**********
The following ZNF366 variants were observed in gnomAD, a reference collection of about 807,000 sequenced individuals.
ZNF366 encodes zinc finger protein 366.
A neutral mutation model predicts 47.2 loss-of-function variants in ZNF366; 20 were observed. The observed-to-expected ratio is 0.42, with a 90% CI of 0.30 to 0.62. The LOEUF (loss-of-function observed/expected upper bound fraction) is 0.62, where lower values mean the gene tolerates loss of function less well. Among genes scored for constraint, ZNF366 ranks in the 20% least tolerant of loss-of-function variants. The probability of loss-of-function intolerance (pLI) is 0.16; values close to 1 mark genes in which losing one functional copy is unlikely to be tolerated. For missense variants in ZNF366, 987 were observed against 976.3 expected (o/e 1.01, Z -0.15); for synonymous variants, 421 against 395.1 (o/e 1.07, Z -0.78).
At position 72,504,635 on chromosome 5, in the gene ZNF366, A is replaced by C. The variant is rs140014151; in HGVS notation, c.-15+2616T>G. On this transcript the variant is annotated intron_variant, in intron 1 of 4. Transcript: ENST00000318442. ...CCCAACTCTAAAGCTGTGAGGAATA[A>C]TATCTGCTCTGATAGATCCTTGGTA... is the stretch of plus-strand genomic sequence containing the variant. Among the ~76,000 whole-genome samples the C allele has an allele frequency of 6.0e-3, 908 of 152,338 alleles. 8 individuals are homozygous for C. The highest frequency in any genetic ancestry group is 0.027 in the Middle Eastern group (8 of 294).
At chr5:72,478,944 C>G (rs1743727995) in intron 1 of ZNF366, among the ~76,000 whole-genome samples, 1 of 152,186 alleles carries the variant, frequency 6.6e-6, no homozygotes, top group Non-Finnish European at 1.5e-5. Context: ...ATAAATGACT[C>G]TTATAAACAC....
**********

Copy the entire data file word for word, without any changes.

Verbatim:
The following ZNF366 variants were observed in gnomAD, a reference collection of about 807,000 sequenced individuals.
ZNF366 encodes zinc finger protein 366.
A neutral mutation model predicts 47.2 loss-of-function variants in ZNF366; 20 were observed. The observed-to-expected ratio is 0.42, with a 90% CI of 0.30 to 0.62. The LOEUF (loss-of-function observed/expected upper bound fraction) is 0.62, where lower values mean the gene tolerates loss of function less well. Among genes scored for constraint, ZNF366 ranks in the 20% least tolerant of loss-of-function variants. The probability of loss-of-function intolerance (pLI) is 0.16; values close to 1 mark genes in which losing one functional copy is unlikely to be tolerated. For missense variants in ZNF366, 987 were observed against 976.3 expected (o/e 1.01, Z -0.15); for synonymous variants, 421 against 395.1 (o/e 1.07, Z -0.78).
At position 72,504,635 on chromosome 5, in the gene ZNF366, A is replaced by C. The variant is rs140014151; in HGVS notation, c.-15+2616T>G. On this transcript the variant is annotated intron_variant, in intron 1 of 4. Transcript: ENST00000318442. ...CCCAACTCTAAAGCTGTGAGGAATA[A>C]TATCTGCTCTGATAGATCCTTGGTA... is the stretch of plus-strand genomic sequence containing the variant. Among the ~76,000 whole-genome samples the C allele has an allele frequency of 6.0e-3, 908 of 152,338 alleles. 8 individuals are homozygous for C. The highest frequency in any genetic ancestry group is 0.027 in the Middle Eastern group (8 of 294).
At chr5:72,478,944 C>G (rs1743727995) in intron 1 of ZNF366, among the ~76,000 whole-genome samples, 1 of 152,186 alleles carries the variant, frequency 6.6e-6, no homozygotes, top group Non-Finnish European at 1.5e-5. Context: ...ATAAATGACT[C>G]TTATAAACAC....